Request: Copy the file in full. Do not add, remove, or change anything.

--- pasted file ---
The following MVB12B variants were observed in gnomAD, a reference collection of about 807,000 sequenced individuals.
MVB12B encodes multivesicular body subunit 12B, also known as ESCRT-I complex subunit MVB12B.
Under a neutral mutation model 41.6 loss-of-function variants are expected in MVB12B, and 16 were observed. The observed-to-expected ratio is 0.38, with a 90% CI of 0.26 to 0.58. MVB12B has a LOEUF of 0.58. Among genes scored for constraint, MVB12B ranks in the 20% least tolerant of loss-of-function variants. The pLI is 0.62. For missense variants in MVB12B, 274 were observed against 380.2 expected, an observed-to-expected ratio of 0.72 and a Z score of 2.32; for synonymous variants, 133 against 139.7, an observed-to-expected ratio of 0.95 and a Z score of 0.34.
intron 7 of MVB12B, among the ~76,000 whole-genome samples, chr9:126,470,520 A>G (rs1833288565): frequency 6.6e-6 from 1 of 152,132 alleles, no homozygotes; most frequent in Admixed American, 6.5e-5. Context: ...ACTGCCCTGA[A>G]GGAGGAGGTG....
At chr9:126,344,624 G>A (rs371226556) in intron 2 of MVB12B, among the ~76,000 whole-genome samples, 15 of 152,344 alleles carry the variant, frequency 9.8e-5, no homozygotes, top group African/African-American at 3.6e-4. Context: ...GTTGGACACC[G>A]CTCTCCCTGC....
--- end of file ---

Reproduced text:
The following MVB12B variants were observed in gnomAD, a reference collection of about 807,000 sequenced individuals.
MVB12B encodes multivesicular body subunit 12B, also known as ESCRT-I complex subunit MVB12B.
Under a neutral mutation model 41.6 loss-of-function variants are expected in MVB12B, and 16 were observed. The observed-to-expected ratio is 0.38, with a 90% CI of 0.26 to 0.58. MVB12B has a LOEUF of 0.58. Among genes scored for constraint, MVB12B ranks in the 20% least tolerant of loss-of-function variants. The pLI is 0.62. For missense variants in MVB12B, 274 were observed against 380.2 expected, an observed-to-expected ratio of 0.72 and a Z score of 2.32; for synonymous variants, 133 against 139.7, an observed-to-expected ratio of 0.95 and a Z score of 0.34.
intron 7 of MVB12B, among the ~76,000 whole-genome samples, chr9:126,470,520 A>G (rs1833288565): frequency 6.6e-6 from 1 of 152,132 alleles, no homozygotes; most frequent in Admixed American, 6.5e-5. Context: ...ACTGCCCTGA[A>G]GGAGGAGGTG....
At chr9:126,344,624 G>A (rs371226556) in intron 2 of MVB12B, among the ~76,000 whole-genome samples, 15 of 152,344 alleles carry the variant, frequency 9.8e-5, no homozygotes, top group African/African-American at 3.6e-4. Context: ...GTTGGACACC[G>A]CTCTCCCTGC....